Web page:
Yet, it is hard. There is that part of the brain that makes it all look so hard. It’s the same part of the brain that has all the excuses written and ready. "I am too busy. I‘ve got too much on. I have a lot of people to look after. My work is too hard. I’m always tired. I enjoy this too much. I am too stressed. I don’t believe in the things they say."
There's Always an Exception
We've all got an aunty who smoked till she was 90 and she was fine. We've all have a distant uncle or a grandpa who was a big drinker, yet never suffered any ailments. We've heard them all. These are strong narratives that stop us from doing the right thing. Our change-resistant brain doesn't want to understand that there are exceptions to the rule. There'll always be people who look like they can get away with certain habits, but can we take the chance? Do we like playing Russian Roulette?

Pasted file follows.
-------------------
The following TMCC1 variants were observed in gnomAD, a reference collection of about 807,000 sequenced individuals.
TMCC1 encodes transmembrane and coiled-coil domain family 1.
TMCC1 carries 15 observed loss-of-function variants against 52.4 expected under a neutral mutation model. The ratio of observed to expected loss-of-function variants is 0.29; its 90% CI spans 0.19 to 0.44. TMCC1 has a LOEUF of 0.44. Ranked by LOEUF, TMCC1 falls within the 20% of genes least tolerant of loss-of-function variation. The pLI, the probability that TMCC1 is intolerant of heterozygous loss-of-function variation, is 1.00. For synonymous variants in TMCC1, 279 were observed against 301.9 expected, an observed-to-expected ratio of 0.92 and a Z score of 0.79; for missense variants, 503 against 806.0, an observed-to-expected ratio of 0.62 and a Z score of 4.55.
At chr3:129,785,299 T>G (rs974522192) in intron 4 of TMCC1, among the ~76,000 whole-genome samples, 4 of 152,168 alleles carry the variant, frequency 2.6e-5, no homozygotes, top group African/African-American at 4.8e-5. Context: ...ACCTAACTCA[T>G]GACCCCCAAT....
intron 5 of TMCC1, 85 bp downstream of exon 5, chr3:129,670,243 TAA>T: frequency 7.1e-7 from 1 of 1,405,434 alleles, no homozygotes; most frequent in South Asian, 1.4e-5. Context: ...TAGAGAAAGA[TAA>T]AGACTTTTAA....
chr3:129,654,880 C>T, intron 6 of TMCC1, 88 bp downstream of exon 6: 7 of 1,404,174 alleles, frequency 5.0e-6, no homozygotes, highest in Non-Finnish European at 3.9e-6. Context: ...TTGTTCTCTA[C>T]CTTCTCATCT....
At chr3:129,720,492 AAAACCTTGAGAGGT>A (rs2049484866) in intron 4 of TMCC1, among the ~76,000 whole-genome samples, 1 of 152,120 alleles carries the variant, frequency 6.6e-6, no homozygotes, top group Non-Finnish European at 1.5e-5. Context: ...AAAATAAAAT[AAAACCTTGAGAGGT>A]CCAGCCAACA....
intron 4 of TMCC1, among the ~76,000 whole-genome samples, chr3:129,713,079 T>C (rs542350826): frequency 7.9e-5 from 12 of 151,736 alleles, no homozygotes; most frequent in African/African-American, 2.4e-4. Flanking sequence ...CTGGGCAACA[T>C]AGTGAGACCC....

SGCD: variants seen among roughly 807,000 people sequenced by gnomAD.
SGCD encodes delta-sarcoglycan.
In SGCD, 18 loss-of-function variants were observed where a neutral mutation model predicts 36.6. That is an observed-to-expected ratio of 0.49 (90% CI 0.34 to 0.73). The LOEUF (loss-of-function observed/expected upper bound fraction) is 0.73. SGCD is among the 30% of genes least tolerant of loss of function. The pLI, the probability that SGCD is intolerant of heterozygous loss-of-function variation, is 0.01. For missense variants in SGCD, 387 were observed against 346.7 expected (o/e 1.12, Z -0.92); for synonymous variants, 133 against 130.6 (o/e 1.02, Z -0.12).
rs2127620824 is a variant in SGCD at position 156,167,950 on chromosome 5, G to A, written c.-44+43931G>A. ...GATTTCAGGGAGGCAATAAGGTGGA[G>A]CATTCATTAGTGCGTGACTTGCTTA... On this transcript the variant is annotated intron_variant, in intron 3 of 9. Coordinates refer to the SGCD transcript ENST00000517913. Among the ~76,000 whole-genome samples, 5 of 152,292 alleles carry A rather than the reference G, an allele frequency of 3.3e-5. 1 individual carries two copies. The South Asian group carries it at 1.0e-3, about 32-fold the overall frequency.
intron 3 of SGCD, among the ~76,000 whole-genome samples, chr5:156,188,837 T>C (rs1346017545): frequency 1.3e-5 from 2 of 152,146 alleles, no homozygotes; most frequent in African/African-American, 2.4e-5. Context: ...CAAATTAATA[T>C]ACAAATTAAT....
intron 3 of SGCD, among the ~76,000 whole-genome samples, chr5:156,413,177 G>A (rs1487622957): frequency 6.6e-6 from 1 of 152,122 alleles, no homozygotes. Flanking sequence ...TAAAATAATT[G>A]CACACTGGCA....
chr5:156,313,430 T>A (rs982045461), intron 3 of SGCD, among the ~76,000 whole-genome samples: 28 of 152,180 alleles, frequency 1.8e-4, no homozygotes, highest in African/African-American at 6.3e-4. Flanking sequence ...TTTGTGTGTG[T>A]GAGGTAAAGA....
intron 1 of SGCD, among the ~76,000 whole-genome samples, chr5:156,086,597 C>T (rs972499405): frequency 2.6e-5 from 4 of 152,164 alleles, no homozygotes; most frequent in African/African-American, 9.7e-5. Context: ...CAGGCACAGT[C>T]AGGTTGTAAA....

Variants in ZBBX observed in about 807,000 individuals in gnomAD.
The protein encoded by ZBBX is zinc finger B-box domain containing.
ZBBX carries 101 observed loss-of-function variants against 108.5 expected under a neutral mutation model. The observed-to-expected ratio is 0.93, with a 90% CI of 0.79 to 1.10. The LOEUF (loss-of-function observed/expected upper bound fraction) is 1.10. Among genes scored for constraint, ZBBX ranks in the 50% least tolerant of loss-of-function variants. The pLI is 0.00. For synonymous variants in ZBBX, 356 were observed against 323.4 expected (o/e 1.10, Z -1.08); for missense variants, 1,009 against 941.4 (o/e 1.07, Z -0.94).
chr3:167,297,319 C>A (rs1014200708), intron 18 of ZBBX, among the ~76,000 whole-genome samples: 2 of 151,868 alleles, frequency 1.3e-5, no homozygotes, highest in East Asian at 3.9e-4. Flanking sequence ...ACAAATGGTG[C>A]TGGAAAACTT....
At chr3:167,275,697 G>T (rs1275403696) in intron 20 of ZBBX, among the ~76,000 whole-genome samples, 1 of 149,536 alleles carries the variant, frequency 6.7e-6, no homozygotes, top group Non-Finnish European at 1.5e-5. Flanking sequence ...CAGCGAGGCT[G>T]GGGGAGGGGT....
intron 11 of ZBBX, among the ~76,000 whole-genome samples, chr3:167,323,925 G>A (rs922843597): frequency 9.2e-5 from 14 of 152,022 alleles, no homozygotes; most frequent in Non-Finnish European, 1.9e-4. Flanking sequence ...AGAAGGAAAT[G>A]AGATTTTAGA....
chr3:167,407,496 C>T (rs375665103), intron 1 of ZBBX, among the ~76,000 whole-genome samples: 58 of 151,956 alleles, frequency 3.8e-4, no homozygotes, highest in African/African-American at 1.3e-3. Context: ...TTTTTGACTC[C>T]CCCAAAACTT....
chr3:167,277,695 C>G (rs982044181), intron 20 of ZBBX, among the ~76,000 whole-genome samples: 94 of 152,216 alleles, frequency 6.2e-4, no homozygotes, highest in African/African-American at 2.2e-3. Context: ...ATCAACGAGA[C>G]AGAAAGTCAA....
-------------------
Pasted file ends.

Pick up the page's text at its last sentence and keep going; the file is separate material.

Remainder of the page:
Information Can Be Conflicting
The health messages don’t make it easy. The media keeps picking on conflicting messages to show how science can be misleading and can get things wrong. The science and research can sound confusing and the media and the internet pick up this confusion and make it look a lot worse. This makes it look like the messages are unreliable. This makes our change-avoiding, addictive brains happy. It says, "See, I told you, they don’t know what they’re talking about."
Strategies for Implementing Change
1. Positive Visioning